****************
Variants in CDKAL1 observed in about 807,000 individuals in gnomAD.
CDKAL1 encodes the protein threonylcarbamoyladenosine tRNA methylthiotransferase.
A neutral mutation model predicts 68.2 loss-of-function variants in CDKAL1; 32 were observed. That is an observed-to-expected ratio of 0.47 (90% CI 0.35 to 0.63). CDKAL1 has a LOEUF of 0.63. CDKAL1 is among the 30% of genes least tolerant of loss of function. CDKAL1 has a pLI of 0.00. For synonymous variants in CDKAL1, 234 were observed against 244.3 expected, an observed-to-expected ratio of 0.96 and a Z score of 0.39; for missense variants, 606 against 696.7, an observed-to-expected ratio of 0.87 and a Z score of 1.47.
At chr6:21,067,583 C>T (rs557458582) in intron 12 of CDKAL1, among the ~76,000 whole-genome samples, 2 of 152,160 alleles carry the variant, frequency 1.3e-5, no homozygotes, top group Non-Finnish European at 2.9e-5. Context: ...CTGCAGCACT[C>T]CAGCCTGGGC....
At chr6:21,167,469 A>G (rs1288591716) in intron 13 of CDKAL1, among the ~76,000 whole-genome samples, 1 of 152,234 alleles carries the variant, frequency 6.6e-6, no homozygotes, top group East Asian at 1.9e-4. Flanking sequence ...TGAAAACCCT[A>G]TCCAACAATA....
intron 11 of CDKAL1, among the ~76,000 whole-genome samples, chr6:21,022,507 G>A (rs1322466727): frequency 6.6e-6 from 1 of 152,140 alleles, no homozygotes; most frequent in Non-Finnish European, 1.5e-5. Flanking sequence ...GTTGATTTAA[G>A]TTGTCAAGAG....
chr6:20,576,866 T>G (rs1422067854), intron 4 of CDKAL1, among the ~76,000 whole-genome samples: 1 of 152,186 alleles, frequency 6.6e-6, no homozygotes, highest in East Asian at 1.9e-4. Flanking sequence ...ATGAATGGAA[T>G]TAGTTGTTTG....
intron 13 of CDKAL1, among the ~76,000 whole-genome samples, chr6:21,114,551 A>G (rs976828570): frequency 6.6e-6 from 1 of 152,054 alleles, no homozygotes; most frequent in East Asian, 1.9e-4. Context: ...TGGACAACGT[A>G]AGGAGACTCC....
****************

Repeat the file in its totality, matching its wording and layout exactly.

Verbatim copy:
Variants in CDKAL1 observed in about 807,000 individuals in gnomAD.
CDKAL1 encodes the protein threonylcarbamoyladenosine tRNA methylthiotransferase.
A neutral mutation model predicts 68.2 loss-of-function variants in CDKAL1; 32 were observed. That is an observed-to-expected ratio of 0.47 (90% CI 0.35 to 0.63). CDKAL1 has a LOEUF of 0.63. CDKAL1 is among the 30% of genes least tolerant of loss of function. CDKAL1 has a pLI of 0.00. For synonymous variants in CDKAL1, 234 were observed against 244.3 expected, an observed-to-expected ratio of 0.96 and a Z score of 0.39; for missense variants, 606 against 696.7, an observed-to-expected ratio of 0.87 and a Z score of 1.47.
At chr6:21,067,583 C>T (rs557458582) in intron 12 of CDKAL1, among the ~76,000 whole-genome samples, 2 of 152,160 alleles carry the variant, frequency 1.3e-5, no homozygotes, top group Non-Finnish European at 2.9e-5. Context: ...CTGCAGCACT[C>T]CAGCCTGGGC....
At chr6:21,167,469 A>G (rs1288591716) in intron 13 of CDKAL1, among the ~76,000 whole-genome samples, 1 of 152,234 alleles carries the variant, frequency 6.6e-6, no homozygotes, top group East Asian at 1.9e-4. Flanking sequence ...TGAAAACCCT[A>G]TCCAACAATA....
intron 11 of CDKAL1, among the ~76,000 whole-genome samples, chr6:21,022,507 G>A (rs1322466727): frequency 6.6e-6 from 1 of 152,140 alleles, no homozygotes; most frequent in Non-Finnish European, 1.5e-5. Flanking sequence ...GTTGATTTAA[G>A]TTGTCAAGAG....
chr6:20,576,866 T>G (rs1422067854), intron 4 of CDKAL1, among the ~76,000 whole-genome samples: 1 of 152,186 alleles, frequency 6.6e-6, no homozygotes, highest in East Asian at 1.9e-4. Flanking sequence ...ATGAATGGAA[T>G]TAGTTGTTTG....
intron 13 of CDKAL1, among the ~76,000 whole-genome samples, chr6:21,114,551 A>G (rs976828570): frequency 6.6e-6 from 1 of 152,054 alleles, no homozygotes; most frequent in East Asian, 1.9e-4. Context: ...TGGACAACGT[A>G]AGGAGACTCC....